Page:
Ahead of Sunday's elections in Japan, BBC News Online has been speaking to a range of Japanese voters about the issues concerning them most.
Mr Kodama is against Japan sending troops to Iraq
Shotaro Kodama, a 73-year-old retired mechanical engineering professor, said he was not planning to vote for either the LDP or the main opposition, the Democratic Party.
He said this was because they support the dispatch of Japanese troops to Iraq to assist in post-war reconstruction.
Having experienced the effects of World War II 50 years ago, "I don't want to have any war in the world," he said.
It's not the time for fighting each other
"They said it's not an army it's a police force, then they said a defence army... Politicians say they won't fight, but when they get there they will have to fight back (in self-defence), so it is war, I think."
"I'm ready to pay money to rebuild Iraq, but we are not sending our army. Sending our army is fighting against others," he added.
He said that the leaders of both parties also didn't denounce war strongly enough, and yet this sentiment was enshrined in Japan's constitution.
In fact, the LDP has pledged to present a plan to revise the constitution, including changes to Article nine, which forbids Japan from waging war, in 2005.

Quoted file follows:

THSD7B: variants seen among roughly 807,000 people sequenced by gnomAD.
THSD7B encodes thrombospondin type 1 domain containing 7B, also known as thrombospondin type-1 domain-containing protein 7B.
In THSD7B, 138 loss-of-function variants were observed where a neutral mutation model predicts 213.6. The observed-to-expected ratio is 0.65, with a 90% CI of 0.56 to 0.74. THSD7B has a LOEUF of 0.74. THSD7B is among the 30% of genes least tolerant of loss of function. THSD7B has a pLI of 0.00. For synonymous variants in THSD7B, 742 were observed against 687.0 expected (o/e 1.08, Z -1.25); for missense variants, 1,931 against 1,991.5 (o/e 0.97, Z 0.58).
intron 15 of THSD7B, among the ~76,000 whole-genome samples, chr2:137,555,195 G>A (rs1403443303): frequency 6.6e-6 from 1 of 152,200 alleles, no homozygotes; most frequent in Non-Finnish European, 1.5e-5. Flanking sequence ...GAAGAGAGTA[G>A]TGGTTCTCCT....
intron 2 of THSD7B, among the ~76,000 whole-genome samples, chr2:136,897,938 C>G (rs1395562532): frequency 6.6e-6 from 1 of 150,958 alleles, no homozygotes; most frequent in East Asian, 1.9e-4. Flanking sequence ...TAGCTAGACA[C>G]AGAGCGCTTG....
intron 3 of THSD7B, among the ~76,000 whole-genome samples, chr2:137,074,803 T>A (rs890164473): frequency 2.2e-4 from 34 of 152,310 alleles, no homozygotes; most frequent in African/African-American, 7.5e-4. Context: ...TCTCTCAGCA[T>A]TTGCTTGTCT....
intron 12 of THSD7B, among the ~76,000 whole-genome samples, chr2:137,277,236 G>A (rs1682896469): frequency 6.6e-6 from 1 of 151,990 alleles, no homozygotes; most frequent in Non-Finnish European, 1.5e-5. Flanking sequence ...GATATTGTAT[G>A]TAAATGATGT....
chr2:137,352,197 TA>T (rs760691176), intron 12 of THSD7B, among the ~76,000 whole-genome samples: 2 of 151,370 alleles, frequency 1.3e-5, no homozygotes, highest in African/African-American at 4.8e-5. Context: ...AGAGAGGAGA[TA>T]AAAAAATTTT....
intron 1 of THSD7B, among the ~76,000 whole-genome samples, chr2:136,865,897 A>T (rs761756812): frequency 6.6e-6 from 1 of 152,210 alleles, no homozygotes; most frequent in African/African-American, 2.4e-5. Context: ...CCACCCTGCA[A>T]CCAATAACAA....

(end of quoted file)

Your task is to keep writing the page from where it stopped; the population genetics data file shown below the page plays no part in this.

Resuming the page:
The Democratic Party has also said it will produce revision guidelines by the end of 2004.
Mr Kodama said the other pressing issue, for him, was rising crime levels, which have received widespread coverage recently in the national media.
Japan's national police agency recorded 2.85 million crimes last year, the highest number reported since the end of WWII.
Crime in Japan is at a post-war all-time high
"It's quite different now," he said. "We have put two locks on the door and also I have asked the owner of our apartment block to install close circuit TV in the lift. There's been some mugging in lifts in other apartments."
He said that even the nature of burglary was changing.
"In our apartment on the ground floor, someone smashed the glass, and in two or three minutes they stole wrist watches. That kind of robbery has never been experienced in Japan before."
Mr Kodama said there has always been stealing, but somehow it was more artfully done.
"This is very dangerous and noisy," he said.
Mr Kodama blamed this new crime wave on the change among Japan's younger generation.
"The younger people's way of thinking is very different from our own way. They are very impatient and irritable."
And he blamed this on poor education, rather than the oft-cited culprit - the downturn in Japan's economy over the last decade.
"It's family education I'm afraid. [Parents] haven't any spare time to care for their children."
Japan's political parties have made fighting crime an election issue, but he said politicians did not seem concerned with what he saw as the underlying problem of education.
"I'm afraid (the politicians) aren't talking about that. They're talking about the pension system, taxation, and building highways. I think changing education is very important."
But he said that, despite the bad press Japan's youth has been receiving, older did not necessarily mean better.
He said that he agreed with Mr Koizumi's push for a fresher image for Japan's politicians - the leader has recently asked two octogenarian MPs not to stand again in the election.
He said even Mr Koizumi was "a little old" to lead, at the relatively sprightly age - for Japanese politics - of 61.